LifeAfterDx--Diabetes Uncensored

A internet journal from one of the first T1 Diabetics to use continuous glucose monitoring. Copyright 2005, 2006, 2007, 2008, 2009, 2010, 2011, 2012, 2013, 2014, 2015, 2016

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Location: New Mexico, United States

Hi! I’m William “Lee” Dubois (called either Wil or Lee, depending what part of the internet you’re on). I’m a diabetes columnist and the author of four books about diabetes that have collectively won 16 national and international book awards. (Hey, if you can’t brag about yourself on your own blog, where can you??) I have the great good fortune to pen the edgy Dear Abby-style advice column every Saturday at Diabetes Mine; write the Diabetes Simplified column for dLife; and am one of the ShareCare diabetes experts. My work also appears in Diabetic Living and Diabetes Self-Management magazines. In addition to writing, I’ve spent the last half-dozen years running the diabetes education program for a rural non-profit clinic in the mountains of New Mexico. Don’t worry, I’ll get some rest after the cure. LifeAfterDx is my personal home base, where I get to say what and how I feel about diabetes and… you know… life, free from the red pens of editors (all of whom I adore, of course!).

Wednesday, April 24, 2013

Why I’m not signing the petition

I just got a heart-felt letter from Jamie Perez, one of two moms of kiddos with type 1 diabetes who are leading the fight to change the name of our disease. These two ladies are hardly the first to argue that the sister diseases of type 1 and type 2 diabetes are poorly named, but they are the first to successfully launch a grass-roots effort to try to actually do something about it. They’ve collected over 3,000 signatures on an online petition to the American Diabetes Association, the National Institutes of Health, and the International Diabetes Federation; and in the process have ignited a wildfire of passion and controversy.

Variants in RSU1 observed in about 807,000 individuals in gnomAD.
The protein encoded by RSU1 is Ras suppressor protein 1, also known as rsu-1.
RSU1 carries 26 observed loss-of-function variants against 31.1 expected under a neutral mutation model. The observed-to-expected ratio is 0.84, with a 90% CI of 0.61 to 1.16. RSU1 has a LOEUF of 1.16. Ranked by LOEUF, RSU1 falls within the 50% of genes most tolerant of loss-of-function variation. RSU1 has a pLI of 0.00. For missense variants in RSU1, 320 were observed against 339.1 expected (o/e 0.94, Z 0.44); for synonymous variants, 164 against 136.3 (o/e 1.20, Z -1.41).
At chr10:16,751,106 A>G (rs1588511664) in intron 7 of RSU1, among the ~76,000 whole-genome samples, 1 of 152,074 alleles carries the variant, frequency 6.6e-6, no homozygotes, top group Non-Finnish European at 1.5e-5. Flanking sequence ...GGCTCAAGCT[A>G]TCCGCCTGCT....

This is not the type of situation I’m known for shying away from.

Their motivation, to quote from the petition, is that their sons are “subjected on a daily basis to ignorance and misconceptions.” They note, correctly, that the mainstream media frequently gets the two types of diabetes muddled. This dynamic duo believes that if the names of diabetes were revised to “more accurately reflect the nature of each disease,” it would “alleviate the confusion.” They think this would be to the advantage of type 1s and type 2s alike.

Jamie was writing to me to ask for my support in this effort. Oh, and not only did she write beautifully and passionately, but she made matters worse by telling me what a big fan she is of my writing—and as everyone knows, I’m a huge sucker for a compliment.

So it was with no small amount of guilt that I had to write her back, thank for her compliments, salute her for her passion, but to respectfully pass on joining her in this fight.

I’m not going to sign.

And I have four reasons why I’m not going to sign. Now, I’ve known about this petition for a bit, and even wrote about it in a roundabout way for Diabetes Mine. I did the background research into the last several times the names of diabetes were changed. And while our coverage, which Jamie felt placed her efforts “in a negative light,” has generated a ton of comments—more than 100 as I’m writing this—I have not read even one of these yet. Nor have I read any of the detailed posts written by my fellow diabetes advocates; both for and against the effort. I will. Eventually. But I thought I’d better commit my thoughts to paper first. I’m sure I’ll find myself tugged back and forth by the passion and wordsmithing of the opposing sides.

But think about what I just said.

Opposing sides? Since when? Since when should there be sides? Aren’t we all in this together? Apparently not. And that’s the first reason I’m not signing.